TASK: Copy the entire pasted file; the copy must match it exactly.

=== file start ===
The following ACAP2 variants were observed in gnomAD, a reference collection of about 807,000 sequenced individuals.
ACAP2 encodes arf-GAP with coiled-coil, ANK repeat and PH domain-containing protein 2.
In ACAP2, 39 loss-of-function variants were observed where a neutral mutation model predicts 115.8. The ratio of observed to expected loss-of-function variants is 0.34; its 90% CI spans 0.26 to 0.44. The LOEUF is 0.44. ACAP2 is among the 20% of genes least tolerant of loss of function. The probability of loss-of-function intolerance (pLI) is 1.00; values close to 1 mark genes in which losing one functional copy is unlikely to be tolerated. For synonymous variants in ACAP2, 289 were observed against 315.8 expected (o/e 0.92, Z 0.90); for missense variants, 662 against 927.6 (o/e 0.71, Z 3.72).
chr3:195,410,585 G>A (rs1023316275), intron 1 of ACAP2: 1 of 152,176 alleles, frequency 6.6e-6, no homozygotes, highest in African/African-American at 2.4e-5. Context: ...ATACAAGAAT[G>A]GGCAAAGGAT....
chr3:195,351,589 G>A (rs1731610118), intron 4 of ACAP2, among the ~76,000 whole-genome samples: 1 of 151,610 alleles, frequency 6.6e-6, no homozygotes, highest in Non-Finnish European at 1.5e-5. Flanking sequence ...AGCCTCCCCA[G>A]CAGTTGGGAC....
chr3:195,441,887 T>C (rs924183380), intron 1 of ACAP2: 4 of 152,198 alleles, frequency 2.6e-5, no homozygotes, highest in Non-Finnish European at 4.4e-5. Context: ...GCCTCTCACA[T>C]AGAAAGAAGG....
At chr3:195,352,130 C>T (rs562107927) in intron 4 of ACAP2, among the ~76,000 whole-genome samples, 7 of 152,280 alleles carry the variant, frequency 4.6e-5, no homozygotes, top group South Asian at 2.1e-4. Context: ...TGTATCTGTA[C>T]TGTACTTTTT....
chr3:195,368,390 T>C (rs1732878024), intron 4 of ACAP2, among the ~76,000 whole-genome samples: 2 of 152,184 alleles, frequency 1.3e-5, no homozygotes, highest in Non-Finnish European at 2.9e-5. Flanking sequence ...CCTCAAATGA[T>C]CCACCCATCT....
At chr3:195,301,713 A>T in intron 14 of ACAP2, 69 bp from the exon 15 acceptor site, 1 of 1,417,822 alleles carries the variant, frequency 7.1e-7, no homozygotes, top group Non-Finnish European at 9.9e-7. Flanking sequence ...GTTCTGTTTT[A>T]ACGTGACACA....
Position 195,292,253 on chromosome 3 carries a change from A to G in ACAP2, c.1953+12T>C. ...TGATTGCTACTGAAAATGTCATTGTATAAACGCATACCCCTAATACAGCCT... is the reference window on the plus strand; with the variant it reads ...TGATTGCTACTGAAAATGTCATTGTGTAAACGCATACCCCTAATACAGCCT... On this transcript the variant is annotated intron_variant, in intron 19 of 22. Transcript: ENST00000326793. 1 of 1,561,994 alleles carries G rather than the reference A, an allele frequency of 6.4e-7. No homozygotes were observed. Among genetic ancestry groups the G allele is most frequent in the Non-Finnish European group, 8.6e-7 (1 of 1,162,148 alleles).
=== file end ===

The following ACAP2 variants were observed in gnomAD, a reference collection of about 807,000 sequenced individuals.
ACAP2 encodes arf-GAP with coiled-coil, ANK repeat and PH domain-containing protein 2.
In ACAP2, 39 loss-of-function variants were observed where a neutral mutation model predicts 115.8. The ratio of observed to expected loss-of-function variants is 0.34; its 90% CI spans 0.26 to 0.44. The LOEUF is 0.44. ACAP2 is among the 20% of genes least tolerant of loss of function. The probability of loss-of-function intolerance (pLI) is 1.00; values close to 1 mark genes in which losing one functional copy is unlikely to be tolerated. For synonymous variants in ACAP2, 289 were observed against 315.8 expected (o/e 0.92, Z 0.90); for missense variants, 662 against 927.6 (o/e 0.71, Z 3.72).
chr3:195,410,585 G>A (rs1023316275), intron 1 of ACAP2: 1 of 152,176 alleles, frequency 6.6e-6, no homozygotes, highest in African/African-American at 2.4e-5. Context: ...ATACAAGAAT[G>A]GGCAAAGGAT....
chr3:195,351,589 G>A (rs1731610118), intron 4 of ACAP2, among the ~76,000 whole-genome samples: 1 of 151,610 alleles, frequency 6.6e-6, no homozygotes, highest in Non-Finnish European at 1.5e-5. Flanking sequence ...AGCCTCCCCA[G>A]CAGTTGGGAC....
chr3:195,441,887 T>C (rs924183380), intron 1 of ACAP2: 4 of 152,198 alleles, frequency 2.6e-5, no homozygotes, highest in Non-Finnish European at 4.4e-5. Context: ...GCCTCTCACA[T>C]AGAAAGAAGG....
At chr3:195,352,130 C>T (rs562107927) in intron 4 of ACAP2, among the ~76,000 whole-genome samples, 7 of 152,280 alleles carry the variant, frequency 4.6e-5, no homozygotes, top group South Asian at 2.1e-4. Context: ...TGTATCTGTA[C>T]TGTACTTTTT....
chr3:195,368,390 T>C (rs1732878024), intron 4 of ACAP2, among the ~76,000 whole-genome samples: 2 of 152,184 alleles, frequency 1.3e-5, no homozygotes, highest in Non-Finnish European at 2.9e-5. Flanking sequence ...CCTCAAATGA[T>C]CCACCCATCT....
At chr3:195,301,713 A>T in intron 14 of ACAP2, 69 bp from the exon 15 acceptor site, 1 of 1,417,822 alleles carries the variant, frequency 7.1e-7, no homozygotes, top group Non-Finnish European at 9.9e-7. Flanking sequence ...GTTCTGTTTT[A>T]ACGTGACACA....
Position 195,292,253 on chromosome 3 carries a change from A to G in ACAP2, c.1953+12T>C. ...TGATTGCTACTGAAAATGTCATTGTATAAACGCATACCCCTAATACAGCCT... is the reference window on the plus strand; with the variant it reads ...TGATTGCTACTGAAAATGTCATTGTGTAAACGCATACCCCTAATACAGCCT... On this transcript the variant is annotated intron_variant, in intron 19 of 22. Transcript: ENST00000326793. 1 of 1,561,994 alleles carries G rather than the reference A, an allele frequency of 6.4e-7. No homozygotes were observed. Among genetic ancestry groups the G allele is most frequent in the Non-Finnish European group, 8.6e-7 (1 of 1,162,148 alleles).